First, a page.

The site of Lakhanjo-Daro, located beneath modern Sukkur, Pakistan is one of the most important urban centers of the Indus Civilization and yet it has not been properly studied due to its location under a modern city that is rapidly expanding. This site was first discovered in 1985 and small-scale excavations and surveys were carried out by the faculty and students of Shah Abdul Latif University, Khairpur (Kazi 1985). Larger scale excavations were carried out by the same department in 2006 and then again during 2009/10 (Shaikh et al 2006, Mallah et al 2012). Due to various factors, it has not been possible to carry out more intensive horizontal excavations or long-term research on any single part of the site. Nevertheless, based on excavations in three different areas, two locations in the central mound and one in the western mound, it is clear that the ancient settlement of Lakhanjo-Daro is extremely large and spread over a vast area. Furthermore the artifacts recovered from the excavations, such as pottery, inscribed seals and figurines, are very similar to those found at other major cities of the Indus Valley region.
The central mounds have evidence for residential quarters and the western mound has considerable evidence for a wide range of craft activities as well as major habitation and architectural structures. The eastern mound also has remains of habitation areas but this part of the mound has been badly disturbed by modern construction and is partly covered with modern garbage. Due to the removal of large amounts of the site for modern construction purposes, almost all of the architectural features from the uppermost habitation deposits that were once visible in the western mounds have been destroyed and are no longer present. There are however well preserved remains of architecture, in situ pottery and craft activity areas in the lower levels. The areas that were available for salvage archaeology in 2013 and 2017 have demonstrated that this part of the ancient site was an important area for craft production, specifically the manufacture of steatite beads and seals.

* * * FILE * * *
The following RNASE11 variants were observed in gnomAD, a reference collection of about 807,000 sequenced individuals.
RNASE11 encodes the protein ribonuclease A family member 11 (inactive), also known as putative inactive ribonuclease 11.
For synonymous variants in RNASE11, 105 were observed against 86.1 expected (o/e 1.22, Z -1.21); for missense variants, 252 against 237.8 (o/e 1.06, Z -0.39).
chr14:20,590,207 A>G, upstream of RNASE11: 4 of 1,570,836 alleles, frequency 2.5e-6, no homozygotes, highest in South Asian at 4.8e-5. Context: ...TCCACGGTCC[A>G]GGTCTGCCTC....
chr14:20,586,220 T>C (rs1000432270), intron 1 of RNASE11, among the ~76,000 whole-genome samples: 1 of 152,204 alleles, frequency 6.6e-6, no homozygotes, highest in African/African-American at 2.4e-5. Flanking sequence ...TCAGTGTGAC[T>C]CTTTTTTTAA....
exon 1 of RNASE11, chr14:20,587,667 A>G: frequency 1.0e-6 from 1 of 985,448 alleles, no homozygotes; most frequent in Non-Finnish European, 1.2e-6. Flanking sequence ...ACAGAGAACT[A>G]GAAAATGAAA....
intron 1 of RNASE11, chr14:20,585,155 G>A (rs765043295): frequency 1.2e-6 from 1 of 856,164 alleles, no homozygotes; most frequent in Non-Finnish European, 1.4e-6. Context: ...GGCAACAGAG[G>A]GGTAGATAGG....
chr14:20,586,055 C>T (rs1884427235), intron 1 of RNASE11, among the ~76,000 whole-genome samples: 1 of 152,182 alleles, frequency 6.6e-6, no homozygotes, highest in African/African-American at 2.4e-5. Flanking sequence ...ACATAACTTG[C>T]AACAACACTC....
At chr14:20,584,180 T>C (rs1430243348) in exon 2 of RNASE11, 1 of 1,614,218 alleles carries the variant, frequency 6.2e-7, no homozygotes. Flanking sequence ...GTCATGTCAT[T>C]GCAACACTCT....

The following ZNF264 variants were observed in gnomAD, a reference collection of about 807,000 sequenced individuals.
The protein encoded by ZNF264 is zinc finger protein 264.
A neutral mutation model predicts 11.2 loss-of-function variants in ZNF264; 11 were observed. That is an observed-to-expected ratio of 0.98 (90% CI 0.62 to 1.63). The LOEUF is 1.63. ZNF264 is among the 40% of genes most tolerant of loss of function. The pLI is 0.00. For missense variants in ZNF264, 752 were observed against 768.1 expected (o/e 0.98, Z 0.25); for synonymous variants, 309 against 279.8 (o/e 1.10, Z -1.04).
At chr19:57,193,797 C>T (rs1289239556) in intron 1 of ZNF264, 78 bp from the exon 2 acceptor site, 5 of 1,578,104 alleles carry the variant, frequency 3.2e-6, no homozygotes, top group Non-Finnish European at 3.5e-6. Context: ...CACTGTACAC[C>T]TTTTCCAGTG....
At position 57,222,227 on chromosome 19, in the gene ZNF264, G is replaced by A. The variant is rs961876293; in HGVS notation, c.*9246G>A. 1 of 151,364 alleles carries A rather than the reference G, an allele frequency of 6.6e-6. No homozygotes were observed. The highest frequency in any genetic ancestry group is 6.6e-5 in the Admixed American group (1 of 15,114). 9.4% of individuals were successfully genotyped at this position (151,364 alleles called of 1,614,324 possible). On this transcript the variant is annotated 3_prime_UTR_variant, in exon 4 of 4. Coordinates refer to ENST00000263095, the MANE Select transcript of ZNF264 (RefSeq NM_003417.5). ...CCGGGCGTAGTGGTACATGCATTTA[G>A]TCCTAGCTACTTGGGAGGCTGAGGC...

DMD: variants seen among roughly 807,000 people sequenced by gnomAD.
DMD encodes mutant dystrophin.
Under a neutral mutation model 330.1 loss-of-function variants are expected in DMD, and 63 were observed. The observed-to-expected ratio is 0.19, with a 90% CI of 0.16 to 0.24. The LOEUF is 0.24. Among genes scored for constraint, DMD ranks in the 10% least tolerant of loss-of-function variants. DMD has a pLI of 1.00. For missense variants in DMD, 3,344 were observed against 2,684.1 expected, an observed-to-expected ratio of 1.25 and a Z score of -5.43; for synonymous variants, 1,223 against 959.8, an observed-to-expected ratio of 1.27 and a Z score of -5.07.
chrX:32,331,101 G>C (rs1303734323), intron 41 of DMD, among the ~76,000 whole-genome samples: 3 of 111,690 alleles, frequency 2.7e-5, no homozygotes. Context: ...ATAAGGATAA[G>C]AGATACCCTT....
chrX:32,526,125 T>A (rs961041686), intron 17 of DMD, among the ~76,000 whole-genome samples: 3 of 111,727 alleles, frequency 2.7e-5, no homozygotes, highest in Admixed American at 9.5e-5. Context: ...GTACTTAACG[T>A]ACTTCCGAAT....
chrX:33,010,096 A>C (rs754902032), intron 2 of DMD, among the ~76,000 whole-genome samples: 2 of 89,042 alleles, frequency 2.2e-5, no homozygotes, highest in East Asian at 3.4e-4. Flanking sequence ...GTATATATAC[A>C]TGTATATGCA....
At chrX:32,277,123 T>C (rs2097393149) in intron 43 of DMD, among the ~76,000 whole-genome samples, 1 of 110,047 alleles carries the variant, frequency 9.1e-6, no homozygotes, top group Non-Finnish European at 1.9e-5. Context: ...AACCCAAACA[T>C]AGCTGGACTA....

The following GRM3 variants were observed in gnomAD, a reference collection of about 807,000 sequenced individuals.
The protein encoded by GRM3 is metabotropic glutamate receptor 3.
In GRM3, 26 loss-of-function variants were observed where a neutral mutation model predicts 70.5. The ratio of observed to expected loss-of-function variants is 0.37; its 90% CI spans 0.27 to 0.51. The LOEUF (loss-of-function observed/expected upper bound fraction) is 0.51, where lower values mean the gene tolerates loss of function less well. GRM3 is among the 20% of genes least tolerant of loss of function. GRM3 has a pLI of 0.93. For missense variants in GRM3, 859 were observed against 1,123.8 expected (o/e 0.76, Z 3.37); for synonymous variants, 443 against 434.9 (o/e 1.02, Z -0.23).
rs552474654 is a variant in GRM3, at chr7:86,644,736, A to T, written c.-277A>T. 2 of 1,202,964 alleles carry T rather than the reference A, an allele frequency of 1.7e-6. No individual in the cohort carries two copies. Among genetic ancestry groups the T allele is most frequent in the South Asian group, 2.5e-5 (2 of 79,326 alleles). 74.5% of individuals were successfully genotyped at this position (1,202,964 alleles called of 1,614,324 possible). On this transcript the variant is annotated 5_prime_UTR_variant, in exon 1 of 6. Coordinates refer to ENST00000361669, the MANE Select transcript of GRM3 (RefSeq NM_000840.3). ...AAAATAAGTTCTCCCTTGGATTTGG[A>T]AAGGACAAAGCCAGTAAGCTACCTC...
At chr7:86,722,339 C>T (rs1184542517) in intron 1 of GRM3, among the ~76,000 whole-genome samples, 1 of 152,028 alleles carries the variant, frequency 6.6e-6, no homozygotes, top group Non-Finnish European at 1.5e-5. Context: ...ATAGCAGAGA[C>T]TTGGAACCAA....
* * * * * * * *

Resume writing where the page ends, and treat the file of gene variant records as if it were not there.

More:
Although the 2013 and 2017 projects were salvage excavations, the trenches that were excavated were thoroughly documented to define the disturbed upper layers and the undisturbed occupation deposits. Based on the pottery found along with craft debris from steatite manufacture it is clear that the site was occupied during the Harappa Phase as defined at the site of Harappa, which is well dated to around 2600-1900 BCE (Dales and Kenoyer 1990, 1992, Kenoyer 1993, Meadow and Kenoyer 1994, 2005, Kenoyer and Meadow1999). In one of the excavation areas a deep trench was excavated up to two meters below the current surface of the site. In the lowest part of this deep excavation pottery that is similar to the Early Harappan, Kot Diji Phase has been recovered (Kenoyer 2000) (see below for more details). Further expanded excavations are needed to determine if this is a chance discovery or if there is an Early Harappan occupation at the site. It should be noted that the lower levels of the citadel mound at Mohenjo-Daro have confirmed evidence for Early Harappan occupation (Kenoyer 2014:415). Early Harappan occupations are also confirmed at the sites of Harappa (Kenoyer and Meadow 2000:55-76), Dholavira (Bisht 2015, Prabhakar et al 2012, Law 2015) and Rakhigarhi (Nath et al 2015) so it is not surprising to find an Early Harappan occupation in the lower levels of Lakhanjo-Daro.